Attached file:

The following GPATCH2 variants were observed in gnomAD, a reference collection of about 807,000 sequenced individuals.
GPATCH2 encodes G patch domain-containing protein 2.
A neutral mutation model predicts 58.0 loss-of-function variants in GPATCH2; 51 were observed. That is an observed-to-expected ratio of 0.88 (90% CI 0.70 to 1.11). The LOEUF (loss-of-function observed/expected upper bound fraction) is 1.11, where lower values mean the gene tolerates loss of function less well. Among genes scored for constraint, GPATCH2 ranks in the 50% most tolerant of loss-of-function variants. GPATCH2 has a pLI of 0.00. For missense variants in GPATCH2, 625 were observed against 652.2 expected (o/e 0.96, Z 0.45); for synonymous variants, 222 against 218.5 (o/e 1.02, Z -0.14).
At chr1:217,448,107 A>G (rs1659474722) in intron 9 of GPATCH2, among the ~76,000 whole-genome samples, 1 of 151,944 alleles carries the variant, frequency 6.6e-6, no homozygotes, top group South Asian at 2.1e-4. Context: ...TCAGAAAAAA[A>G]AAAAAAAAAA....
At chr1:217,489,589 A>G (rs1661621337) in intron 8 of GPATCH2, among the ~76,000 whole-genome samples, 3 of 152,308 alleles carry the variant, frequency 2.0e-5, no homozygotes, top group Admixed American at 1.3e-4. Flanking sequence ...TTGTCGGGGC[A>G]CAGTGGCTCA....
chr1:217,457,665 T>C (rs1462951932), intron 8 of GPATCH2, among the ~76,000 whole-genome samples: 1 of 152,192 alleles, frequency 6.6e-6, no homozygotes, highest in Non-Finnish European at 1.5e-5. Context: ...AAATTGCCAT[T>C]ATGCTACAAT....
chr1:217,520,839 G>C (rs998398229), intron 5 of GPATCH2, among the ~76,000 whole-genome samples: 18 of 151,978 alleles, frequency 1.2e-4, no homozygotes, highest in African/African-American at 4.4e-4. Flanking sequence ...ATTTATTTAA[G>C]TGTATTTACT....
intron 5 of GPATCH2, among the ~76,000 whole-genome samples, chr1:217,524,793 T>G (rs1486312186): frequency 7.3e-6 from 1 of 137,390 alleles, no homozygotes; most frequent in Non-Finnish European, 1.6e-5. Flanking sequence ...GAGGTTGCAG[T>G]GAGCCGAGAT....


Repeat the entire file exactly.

The following GPATCH2 variants were observed in gnomAD, a reference collection of about 807,000 sequenced individuals.
GPATCH2 encodes G patch domain-containing protein 2.
A neutral mutation model predicts 58.0 loss-of-function variants in GPATCH2; 51 were observed. That is an observed-to-expected ratio of 0.88 (90% CI 0.70 to 1.11). The LOEUF (loss-of-function observed/expected upper bound fraction) is 1.11, where lower values mean the gene tolerates loss of function less well. Among genes scored for constraint, GPATCH2 ranks in the 50% most tolerant of loss-of-function variants. GPATCH2 has a pLI of 0.00. For missense variants in GPATCH2, 625 were observed against 652.2 expected (o/e 0.96, Z 0.45); for synonymous variants, 222 against 218.5 (o/e 1.02, Z -0.14).
At chr1:217,448,107 A>G (rs1659474722) in intron 9 of GPATCH2, among the ~76,000 whole-genome samples, 1 of 151,944 alleles carries the variant, frequency 6.6e-6, no homozygotes, top group South Asian at 2.1e-4. Context: ...TCAGAAAAAA[A>G]AAAAAAAAAA....
At chr1:217,489,589 A>G (rs1661621337) in intron 8 of GPATCH2, among the ~76,000 whole-genome samples, 3 of 152,308 alleles carry the variant, frequency 2.0e-5, no homozygotes, top group Admixed American at 1.3e-4. Flanking sequence ...TTGTCGGGGC[A>G]CAGTGGCTCA....
chr1:217,457,665 T>C (rs1462951932), intron 8 of GPATCH2, among the ~76,000 whole-genome samples: 1 of 152,192 alleles, frequency 6.6e-6, no homozygotes, highest in Non-Finnish European at 1.5e-5. Context: ...AAATTGCCAT[T>C]ATGCTACAAT....
chr1:217,520,839 G>C (rs998398229), intron 5 of GPATCH2, among the ~76,000 whole-genome samples: 18 of 151,978 alleles, frequency 1.2e-4, no homozygotes, highest in African/African-American at 4.4e-4. Flanking sequence ...ATTTATTTAA[G>C]TGTATTTACT....
intron 5 of GPATCH2, among the ~76,000 whole-genome samples, chr1:217,524,793 T>G (rs1486312186): frequency 7.3e-6 from 1 of 137,390 alleles, no homozygotes; most frequent in Non-Finnish European, 1.6e-5. Flanking sequence ...GAGGTTGCAG[T>G]GAGCCGAGAT....